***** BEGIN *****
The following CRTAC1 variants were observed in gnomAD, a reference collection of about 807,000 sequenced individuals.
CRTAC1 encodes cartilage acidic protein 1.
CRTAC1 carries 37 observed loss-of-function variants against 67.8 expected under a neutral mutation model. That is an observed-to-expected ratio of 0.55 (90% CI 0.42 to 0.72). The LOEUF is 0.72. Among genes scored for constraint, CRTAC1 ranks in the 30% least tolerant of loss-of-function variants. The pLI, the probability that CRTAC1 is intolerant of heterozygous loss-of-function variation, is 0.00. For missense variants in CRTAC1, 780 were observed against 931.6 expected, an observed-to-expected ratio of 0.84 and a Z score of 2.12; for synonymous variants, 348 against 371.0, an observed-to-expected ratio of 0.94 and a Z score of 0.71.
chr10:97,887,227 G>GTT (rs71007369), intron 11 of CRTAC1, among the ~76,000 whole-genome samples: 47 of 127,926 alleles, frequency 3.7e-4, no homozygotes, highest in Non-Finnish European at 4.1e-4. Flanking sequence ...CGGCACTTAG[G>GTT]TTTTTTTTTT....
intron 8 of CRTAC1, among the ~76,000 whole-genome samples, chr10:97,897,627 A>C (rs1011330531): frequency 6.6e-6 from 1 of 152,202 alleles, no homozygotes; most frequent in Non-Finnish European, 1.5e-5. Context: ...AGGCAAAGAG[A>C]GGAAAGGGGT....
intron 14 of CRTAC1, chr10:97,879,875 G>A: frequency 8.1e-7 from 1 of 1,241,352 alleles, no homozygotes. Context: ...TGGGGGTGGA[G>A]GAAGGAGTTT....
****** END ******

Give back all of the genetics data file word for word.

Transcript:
The following CRTAC1 variants were observed in gnomAD, a reference collection of about 807,000 sequenced individuals.
CRTAC1 encodes cartilage acidic protein 1.
CRTAC1 carries 37 observed loss-of-function variants against 67.8 expected under a neutral mutation model. That is an observed-to-expected ratio of 0.55 (90% CI 0.42 to 0.72). The LOEUF is 0.72. Among genes scored for constraint, CRTAC1 ranks in the 30% least tolerant of loss-of-function variants. The pLI, the probability that CRTAC1 is intolerant of heterozygous loss-of-function variation, is 0.00. For missense variants in CRTAC1, 780 were observed against 931.6 expected, an observed-to-expected ratio of 0.84 and a Z score of 2.12; for synonymous variants, 348 against 371.0, an observed-to-expected ratio of 0.94 and a Z score of 0.71.
chr10:97,887,227 G>GTT (rs71007369), intron 11 of CRTAC1, among the ~76,000 whole-genome samples: 47 of 127,926 alleles, frequency 3.7e-4, no homozygotes, highest in Non-Finnish European at 4.1e-4. Flanking sequence ...CGGCACTTAG[G>GTT]TTTTTTTTTT....
intron 8 of CRTAC1, among the ~76,000 whole-genome samples, chr10:97,897,627 A>C (rs1011330531): frequency 6.6e-6 from 1 of 152,202 alleles, no homozygotes; most frequent in Non-Finnish European, 1.5e-5. Context: ...AGGCAAAGAG[A>C]GGAAAGGGGT....
intron 14 of CRTAC1, chr10:97,879,875 G>A: frequency 8.1e-7 from 1 of 1,241,352 alleles, no homozygotes. Context: ...TGGGGGTGGA[G>A]GAAGGAGTTT....